Sale sparks stampede
A sales promotion set off a stampede in Chongqing that left two people dead and 11 injured, Xinhua news agency said. Details of the Sunday sale were unclear, but Xinhua said the crowd was scrambling for giveaways during a promotion for a brand of Tibetan medicine. A spokeswoman for Chongqing’s Fuling District government said yesterday that said the company hosting the sale, Fuling Liaofeng Electronics Co, issued an apology.
Toddler escapes jaws
A mother narrowly rescued her year-old son from an attack by a crocodile that had escaped from a nearby farm, a police officer in the Mekong delta said yesterday. The woman was holding her son over a canal to relieve himself on Sunday when the 100kg crocodile leapt out of the water and snapped at the child’s foot. The mother managed to pull her son back and outrun the crocodile that pursued her onto land, the officer said. Four local men subdued the crocodile with ropes and sticks. “It is mating season, so the crocodile was more aggressive than usual,” the officer said.
Teen stabs six
Jonathan Tiplado, 17, was shot dead after stabbing six people inside a Manila police station, police said yesterday. He had been brought in for questioning over a stabbing late on Sunday. While being questioned he pulled out a knife that had been hidden in his underwear and began attacking people, police said. The injured included four teenagers, a community peace volunteer and a police officer.
Activists appear in court
Two Greenpeace members appeared in court on charges of stealing whale meat, in what the environmental group said was a legitimate act to highlight corruption in Japan’s controversial whaling program. Junichi Sato, 32, and Toru Suzuki, 42, appeared in the district court in Aomori for a pre-trial hearing. They were arrested in June last year for allegedly stealing whale meat from a transport company in Aomori and held for 26 days. They face up to 10 years in jail if found guilty. Greenpeace says Sato and Suzuki took the meat to show it was being sold illegally and to highlight there is corruption in the Japanese whaling industry.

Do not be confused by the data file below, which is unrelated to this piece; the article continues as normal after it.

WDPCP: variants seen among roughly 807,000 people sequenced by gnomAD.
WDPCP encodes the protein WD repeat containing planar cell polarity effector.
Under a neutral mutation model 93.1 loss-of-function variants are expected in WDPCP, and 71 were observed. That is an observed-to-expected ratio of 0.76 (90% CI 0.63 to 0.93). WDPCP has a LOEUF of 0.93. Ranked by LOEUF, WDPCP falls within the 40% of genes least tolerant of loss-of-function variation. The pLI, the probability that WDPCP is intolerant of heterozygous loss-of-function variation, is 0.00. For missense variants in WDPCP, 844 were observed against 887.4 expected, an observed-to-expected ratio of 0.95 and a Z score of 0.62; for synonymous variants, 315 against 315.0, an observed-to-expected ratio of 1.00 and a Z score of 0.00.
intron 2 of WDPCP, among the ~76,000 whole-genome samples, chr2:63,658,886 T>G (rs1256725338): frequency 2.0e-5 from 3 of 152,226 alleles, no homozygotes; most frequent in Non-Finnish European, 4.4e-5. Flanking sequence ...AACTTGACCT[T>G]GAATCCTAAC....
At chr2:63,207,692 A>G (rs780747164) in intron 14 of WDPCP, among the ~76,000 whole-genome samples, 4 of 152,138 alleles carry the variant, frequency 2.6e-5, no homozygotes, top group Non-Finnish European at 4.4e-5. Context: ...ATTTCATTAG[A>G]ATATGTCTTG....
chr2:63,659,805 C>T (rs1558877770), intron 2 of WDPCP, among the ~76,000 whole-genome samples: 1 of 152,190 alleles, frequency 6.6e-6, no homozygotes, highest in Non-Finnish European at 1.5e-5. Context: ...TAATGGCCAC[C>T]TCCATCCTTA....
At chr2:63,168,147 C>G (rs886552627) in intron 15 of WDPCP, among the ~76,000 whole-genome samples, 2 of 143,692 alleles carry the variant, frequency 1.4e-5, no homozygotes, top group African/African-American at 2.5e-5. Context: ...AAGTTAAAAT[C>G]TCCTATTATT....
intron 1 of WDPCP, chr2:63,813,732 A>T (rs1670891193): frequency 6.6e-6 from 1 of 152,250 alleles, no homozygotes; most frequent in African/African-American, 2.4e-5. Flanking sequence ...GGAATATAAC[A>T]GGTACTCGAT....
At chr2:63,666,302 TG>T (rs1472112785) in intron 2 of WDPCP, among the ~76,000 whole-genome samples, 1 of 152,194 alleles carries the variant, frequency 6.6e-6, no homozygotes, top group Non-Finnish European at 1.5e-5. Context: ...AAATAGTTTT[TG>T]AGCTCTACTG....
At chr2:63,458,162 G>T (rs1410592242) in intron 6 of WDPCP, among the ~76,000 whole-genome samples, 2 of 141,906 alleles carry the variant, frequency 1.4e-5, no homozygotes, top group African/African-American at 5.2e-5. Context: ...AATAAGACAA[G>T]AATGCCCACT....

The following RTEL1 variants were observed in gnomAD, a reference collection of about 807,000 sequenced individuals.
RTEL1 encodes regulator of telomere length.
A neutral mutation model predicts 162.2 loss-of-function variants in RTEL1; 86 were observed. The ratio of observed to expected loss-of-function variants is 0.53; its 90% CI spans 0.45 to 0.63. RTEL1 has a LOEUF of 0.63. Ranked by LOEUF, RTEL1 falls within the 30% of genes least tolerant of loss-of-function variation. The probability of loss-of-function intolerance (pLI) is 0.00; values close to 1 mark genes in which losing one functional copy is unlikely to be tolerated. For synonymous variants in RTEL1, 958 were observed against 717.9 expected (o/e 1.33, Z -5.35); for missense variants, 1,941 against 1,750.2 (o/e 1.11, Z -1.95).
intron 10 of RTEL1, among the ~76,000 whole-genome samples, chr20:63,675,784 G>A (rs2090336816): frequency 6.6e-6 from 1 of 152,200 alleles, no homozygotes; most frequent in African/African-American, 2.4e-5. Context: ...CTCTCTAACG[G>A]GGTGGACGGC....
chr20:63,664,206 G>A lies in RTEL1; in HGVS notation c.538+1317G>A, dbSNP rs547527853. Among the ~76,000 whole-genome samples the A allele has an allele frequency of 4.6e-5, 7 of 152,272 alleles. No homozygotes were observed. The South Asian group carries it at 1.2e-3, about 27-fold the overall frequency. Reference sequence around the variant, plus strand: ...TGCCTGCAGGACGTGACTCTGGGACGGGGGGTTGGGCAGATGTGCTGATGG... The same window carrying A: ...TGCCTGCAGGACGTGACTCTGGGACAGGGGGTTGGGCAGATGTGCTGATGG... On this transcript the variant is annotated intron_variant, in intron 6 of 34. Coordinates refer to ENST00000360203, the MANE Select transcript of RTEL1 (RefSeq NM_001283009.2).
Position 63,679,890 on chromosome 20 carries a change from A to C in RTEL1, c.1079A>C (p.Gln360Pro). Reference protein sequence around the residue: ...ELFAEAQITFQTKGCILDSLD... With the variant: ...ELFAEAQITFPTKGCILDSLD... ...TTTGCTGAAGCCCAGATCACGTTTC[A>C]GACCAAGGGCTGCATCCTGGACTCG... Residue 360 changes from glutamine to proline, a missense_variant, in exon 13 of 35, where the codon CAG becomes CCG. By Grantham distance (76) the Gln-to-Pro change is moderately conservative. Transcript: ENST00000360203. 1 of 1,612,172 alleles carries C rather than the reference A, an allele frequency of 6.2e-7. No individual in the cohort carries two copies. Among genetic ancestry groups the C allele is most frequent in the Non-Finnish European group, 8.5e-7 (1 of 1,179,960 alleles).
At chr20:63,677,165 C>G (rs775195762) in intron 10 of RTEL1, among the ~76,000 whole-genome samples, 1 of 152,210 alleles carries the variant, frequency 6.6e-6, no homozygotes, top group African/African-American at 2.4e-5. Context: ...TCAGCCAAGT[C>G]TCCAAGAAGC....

Whale rescue under way
Volunteers joined rescue workers yesterday in struggling to save the lives of 17 whales that survived a mass stranding on a beach in Hamelin Bay, south of Perth. Around 80 long-finned pilot whales and bottlenose dolphins were found beached. “When found this morning there were 25 whales alive, since then a further eight have died,” the Department of Environment and Conservation said in a statement.
About 100 people were working to stabilize the survivors while awaiting equipment to help return them to the sea.
Ex-presidential aide arrested
A former aide to President Lee Myung-bak has been arrested in connection with a widening bribery investigation, an official said yesterday. Choo Boo-kil was taken into custody in Seoul for allegedly accepting up to 200 million won (US$140,000) in bribes from a businessman, a prosecution spokesman said. Choo, a former presidential secretary for public relations, is being investigated for purportedly using his connections with tax officials to help the businessman avoid an investigation.
Royal heir wins dance show
More than 60 years after Italy scrapped its royal family, the youngest heir to the defunct throne has been crowned king for a day after dancing the cha-cha-cha on the TV dance show, Strictly Come Dancing. Emanuele Filiberto, the grandson of the country’s last king, and Russian dancer Natalia Titova won the show’s final round on Saturday night with 75 percent of the phone-in vote. The 36-year-old said he entered the contest “with the aim of letting Italians get to know me,” and has hinted he may stand in European elections. Waving his enormous trophy on Saturday, Filiberto gave a speech worthy of the Oscars, saying: “The victory is above all for the Italians who discovered me.”
Prisoner swap talks not over
Israel and Gaza’s Hamas rulers both said on Sunday that talks aimed at freeing an Israeli soldier held nearly three years by Palestinian militants are not over, despite last week’s public breakdown of talks mediated by Egypt. Sergeant Gilad Schalit has been held by Hamas-linked militants since June 2006. Olmert spokesman Mark Regev said on Sunday the government was trying to reach a deal with Hamas. “The work is ongoing,” he said. He provided no further details. The head of Hamas’ government in the Gaza Strip, Ismail Haniyeh, also indicated a deal was still possible in an article in the Hamas newspaper al-Ray. “Our people are still trying to renew the Egyptian-sponsored negotiations in order to reach a respectable prisoner exchange,” he said.
Spy sentenced to death